Sickle-cell anemia is caused by a hereditary defect in hemoglobin, the substance which transports oxygen to the cells. Red blood cells deprived of oxygen curl up into the shape of a crescent or sickle--—hence the name of the disease. They become inflexible, so they cannot be forced by the pressure of the blood through the tiny capillaries through which they must pass in order to nourish the body s cells. The cells become inflexible because their membranes have become so porous they allow calcium to penetrate into the cell in great amounts, up to eight times the normal amount; the calcium becomes fixed to the cell wall, since it cannot be disposed of properly by the cell's ordinary means. Calcium, for reasons still not understood, causes an increase in cell membrane rigidity. A rigid cell carries little oxygen and cannot be squeezed into the unbelievably tiny, thin thread shape a normal red blood cell has to assume each time it makes its incredible circuit of the body through the capillaries. It is no wonder that the calcium-loaded, irreversibly sickled cells die in only five to ten days, compared to a normal cell's life span of 120 days.
Calcium sticks to cells in other conditions besides sickle-cell anemia, in calcification of almost every tissue and organ, including the arteries (causing some atherosclerosis, which in turn causes heart failures, strokes and many circulatory diseases involving the kidneys and other vital organs).
Thus Dr. Baker's findings about sickle cells will very likely provide some answers about why GH3 affects such a variety of illnesses (all of the maladies commonly associated with growing old) and affects such a number of organs--—heart, blood vessels, kidney, liver, skin and lungs.
But this is not all the good news. Dr. Baker and his colleagues found that cells supposedly irreversibly sickled, if treated with GH3 either before or after the sickling process, become normal or near normal. Irreversibility becomes reversible. What was subscribed to by legions of scientist-researchers suddenly has become untrue.
It is like telling a traditional scientist (which means about 99% of those practicing the craft) that some lifelong belief is untrue—that (in another era) blood circulates through the body; that yellow fever is caused by a minute parasite carried within the body of a certain species of female mosquito which must be infected by biting an infected human being; that many diseases are caused by invisible creatures so small they can invade a cell so small that it, too, is invisible except with magic mirrors; that these diseases can be destroyed by invisible beings who fight and displace them; that (in this era) the brain has certain extrasensory powers which cannot be measured by known scientific instruments, only observed and recorded by a few; that the brain, the heart and every organ of the body has its own electrical output, which can be observed and recorded only by delicately calibrated instruments; that an unseen electrical beam which flashes through a rare gem can generate enough power to destroy any material object in its path or can be used to perform the most delicate eye surgery; that a certain stone when stimulated by an electric current will vibrate millions of times a second and can be used to explore the insides of hardened steel, the ocean floor, catch the ocean's fishes, and locate and destroy brain tumors and other cancers, as well as treat many other ailments such as bursitis. Or finally, that another invisible power, locked within what scientists had once called the smallest unit of matter, could be utilized for the most potent destruction of material objects, including man, then harnessed for the ultimate fulfillment of man's dreams: not only to prolong his physical life, but to propel him to the stars.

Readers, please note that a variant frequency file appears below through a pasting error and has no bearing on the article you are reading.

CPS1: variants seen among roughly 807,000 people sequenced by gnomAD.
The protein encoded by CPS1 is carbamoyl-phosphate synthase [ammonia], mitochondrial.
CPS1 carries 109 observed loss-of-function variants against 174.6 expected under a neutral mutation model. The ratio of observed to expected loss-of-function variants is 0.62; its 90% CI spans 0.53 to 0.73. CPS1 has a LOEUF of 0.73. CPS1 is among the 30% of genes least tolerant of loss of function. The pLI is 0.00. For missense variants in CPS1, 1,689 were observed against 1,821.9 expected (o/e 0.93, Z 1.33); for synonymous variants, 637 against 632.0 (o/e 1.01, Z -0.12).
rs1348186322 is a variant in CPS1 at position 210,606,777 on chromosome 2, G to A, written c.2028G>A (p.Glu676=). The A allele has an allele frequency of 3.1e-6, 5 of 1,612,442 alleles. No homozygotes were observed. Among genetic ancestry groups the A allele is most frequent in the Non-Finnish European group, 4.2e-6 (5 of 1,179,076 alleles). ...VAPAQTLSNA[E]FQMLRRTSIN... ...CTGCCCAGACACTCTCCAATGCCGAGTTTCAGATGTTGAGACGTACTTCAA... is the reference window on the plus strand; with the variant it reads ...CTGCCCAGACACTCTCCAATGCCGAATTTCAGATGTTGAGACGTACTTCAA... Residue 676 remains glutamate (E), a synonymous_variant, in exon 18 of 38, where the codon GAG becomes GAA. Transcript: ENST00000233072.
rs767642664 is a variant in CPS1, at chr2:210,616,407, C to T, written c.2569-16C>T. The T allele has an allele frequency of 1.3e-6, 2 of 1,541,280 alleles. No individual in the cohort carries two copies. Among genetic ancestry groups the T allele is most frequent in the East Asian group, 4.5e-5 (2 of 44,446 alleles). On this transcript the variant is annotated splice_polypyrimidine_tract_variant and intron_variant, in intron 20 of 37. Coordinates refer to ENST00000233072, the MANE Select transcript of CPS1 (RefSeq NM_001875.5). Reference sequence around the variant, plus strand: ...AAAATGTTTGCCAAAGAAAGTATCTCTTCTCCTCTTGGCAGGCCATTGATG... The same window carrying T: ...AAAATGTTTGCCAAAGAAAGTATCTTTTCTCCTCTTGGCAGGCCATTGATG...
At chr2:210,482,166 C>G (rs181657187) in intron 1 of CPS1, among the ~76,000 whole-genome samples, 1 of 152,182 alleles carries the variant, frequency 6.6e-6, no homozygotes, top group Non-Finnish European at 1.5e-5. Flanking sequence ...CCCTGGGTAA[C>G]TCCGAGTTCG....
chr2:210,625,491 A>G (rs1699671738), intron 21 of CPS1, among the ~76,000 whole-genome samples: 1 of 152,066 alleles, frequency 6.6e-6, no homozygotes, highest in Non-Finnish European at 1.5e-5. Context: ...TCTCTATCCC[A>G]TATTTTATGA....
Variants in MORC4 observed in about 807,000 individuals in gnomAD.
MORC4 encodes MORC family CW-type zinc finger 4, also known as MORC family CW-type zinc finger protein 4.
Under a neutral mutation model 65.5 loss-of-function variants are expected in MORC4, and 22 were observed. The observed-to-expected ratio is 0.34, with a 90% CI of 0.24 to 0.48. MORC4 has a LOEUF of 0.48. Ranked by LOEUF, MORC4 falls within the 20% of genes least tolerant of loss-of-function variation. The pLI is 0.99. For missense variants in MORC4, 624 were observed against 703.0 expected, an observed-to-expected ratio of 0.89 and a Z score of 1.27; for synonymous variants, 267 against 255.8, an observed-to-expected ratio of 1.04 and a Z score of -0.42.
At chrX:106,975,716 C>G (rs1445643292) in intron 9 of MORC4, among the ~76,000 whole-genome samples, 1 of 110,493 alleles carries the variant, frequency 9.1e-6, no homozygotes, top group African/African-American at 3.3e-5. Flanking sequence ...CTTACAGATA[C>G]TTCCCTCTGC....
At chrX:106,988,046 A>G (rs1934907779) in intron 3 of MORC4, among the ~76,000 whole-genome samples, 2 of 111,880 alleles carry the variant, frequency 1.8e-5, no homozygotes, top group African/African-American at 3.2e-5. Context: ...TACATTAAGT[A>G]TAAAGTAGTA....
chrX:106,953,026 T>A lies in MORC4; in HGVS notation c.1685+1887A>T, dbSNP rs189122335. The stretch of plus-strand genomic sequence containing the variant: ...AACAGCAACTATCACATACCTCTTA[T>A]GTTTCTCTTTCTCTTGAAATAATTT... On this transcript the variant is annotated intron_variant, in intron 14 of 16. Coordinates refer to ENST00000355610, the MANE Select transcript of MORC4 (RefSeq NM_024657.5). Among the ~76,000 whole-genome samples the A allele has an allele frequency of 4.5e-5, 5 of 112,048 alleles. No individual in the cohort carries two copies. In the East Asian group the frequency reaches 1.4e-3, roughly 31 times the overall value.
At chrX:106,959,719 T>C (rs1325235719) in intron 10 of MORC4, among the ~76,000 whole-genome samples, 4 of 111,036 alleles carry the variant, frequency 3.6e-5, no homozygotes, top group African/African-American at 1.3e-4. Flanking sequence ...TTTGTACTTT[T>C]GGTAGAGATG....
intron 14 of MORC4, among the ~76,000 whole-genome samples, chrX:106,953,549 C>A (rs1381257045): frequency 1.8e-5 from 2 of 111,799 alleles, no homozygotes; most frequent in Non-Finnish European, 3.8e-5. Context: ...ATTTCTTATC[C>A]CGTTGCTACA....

This is an episodic account of what the human race has accomplished because of a few true scientists. Each of these advances, which I m sure my readers will recognize, were achieved in spite of the priest-scientists who gradually assumed control of civilization as it evolved. Progress was made by a small fraction of thinker-doers at a sacrificial cost. Frequently they paid with their lives. Today the ruling priest-scientists don't usually burn or torture the unorthodox ones physically; they just ignore or ridicule them.
However, we may be escaping the Iron Collar Age of Oppression and Ridicule. We may be able soon to give the old boys a shot of GH3 in the nether portion of their anatomy that will clear the poor one-track, narrow-thinking robotic devices they call brains, making them what a human being is supposed to be: a truly thinking being capable of going to the stars without his earthly prejudices.